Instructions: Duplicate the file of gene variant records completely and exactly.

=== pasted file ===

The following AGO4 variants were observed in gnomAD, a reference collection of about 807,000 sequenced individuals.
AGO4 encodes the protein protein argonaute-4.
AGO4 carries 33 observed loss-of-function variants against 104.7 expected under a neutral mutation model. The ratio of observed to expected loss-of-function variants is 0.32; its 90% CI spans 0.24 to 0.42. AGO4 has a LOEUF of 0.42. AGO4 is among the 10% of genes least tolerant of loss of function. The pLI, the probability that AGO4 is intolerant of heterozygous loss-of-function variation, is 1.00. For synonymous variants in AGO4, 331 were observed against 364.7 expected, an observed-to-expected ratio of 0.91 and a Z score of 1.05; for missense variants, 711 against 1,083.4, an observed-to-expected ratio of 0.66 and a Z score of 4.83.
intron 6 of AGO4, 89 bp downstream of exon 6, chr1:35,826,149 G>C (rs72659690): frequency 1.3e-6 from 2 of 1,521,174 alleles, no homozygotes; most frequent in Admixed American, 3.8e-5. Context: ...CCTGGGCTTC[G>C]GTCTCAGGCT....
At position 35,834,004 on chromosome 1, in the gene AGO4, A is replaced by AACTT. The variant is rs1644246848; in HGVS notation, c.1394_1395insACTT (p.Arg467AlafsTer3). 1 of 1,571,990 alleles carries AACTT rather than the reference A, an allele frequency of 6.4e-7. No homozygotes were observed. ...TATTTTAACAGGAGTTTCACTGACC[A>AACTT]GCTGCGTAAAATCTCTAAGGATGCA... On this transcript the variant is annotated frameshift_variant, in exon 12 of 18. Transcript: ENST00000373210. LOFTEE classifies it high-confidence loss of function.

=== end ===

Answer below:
The following AGO4 variants were observed in gnomAD, a reference collection of about 807,000 sequenced individuals.
AGO4 encodes the protein protein argonaute-4.
AGO4 carries 33 observed loss-of-function variants against 104.7 expected under a neutral mutation model. The ratio of observed to expected loss-of-function variants is 0.32; its 90% CI spans 0.24 to 0.42. AGO4 has a LOEUF of 0.42. AGO4 is among the 10% of genes least tolerant of loss of function. The pLI, the probability that AGO4 is intolerant of heterozygous loss-of-function variation, is 1.00. For synonymous variants in AGO4, 331 were observed against 364.7 expected, an observed-to-expected ratio of 0.91 and a Z score of 1.05; for missense variants, 711 against 1,083.4, an observed-to-expected ratio of 0.66 and a Z score of 4.83.
intron 6 of AGO4, 89 bp downstream of exon 6, chr1:35,826,149 G>C (rs72659690): frequency 1.3e-6 from 2 of 1,521,174 alleles, no homozygotes; most frequent in Admixed American, 3.8e-5. Context: ...CCTGGGCTTC[G>C]GTCTCAGGCT....
At position 35,834,004 on chromosome 1, in the gene AGO4, A is replaced by AACTT. The variant is rs1644246848; in HGVS notation, c.1394_1395insACTT (p.Arg467AlafsTer3). 1 of 1,571,990 alleles carries AACTT rather than the reference A, an allele frequency of 6.4e-7. No homozygotes were observed. ...TATTTTAACAGGAGTTTCACTGACC[A>AACTT]GCTGCGTAAAATCTCTAAGGATGCA... On this transcript the variant is annotated frameshift_variant, in exon 12 of 18. Transcript: ENST00000373210. LOFTEE classifies it high-confidence loss of function.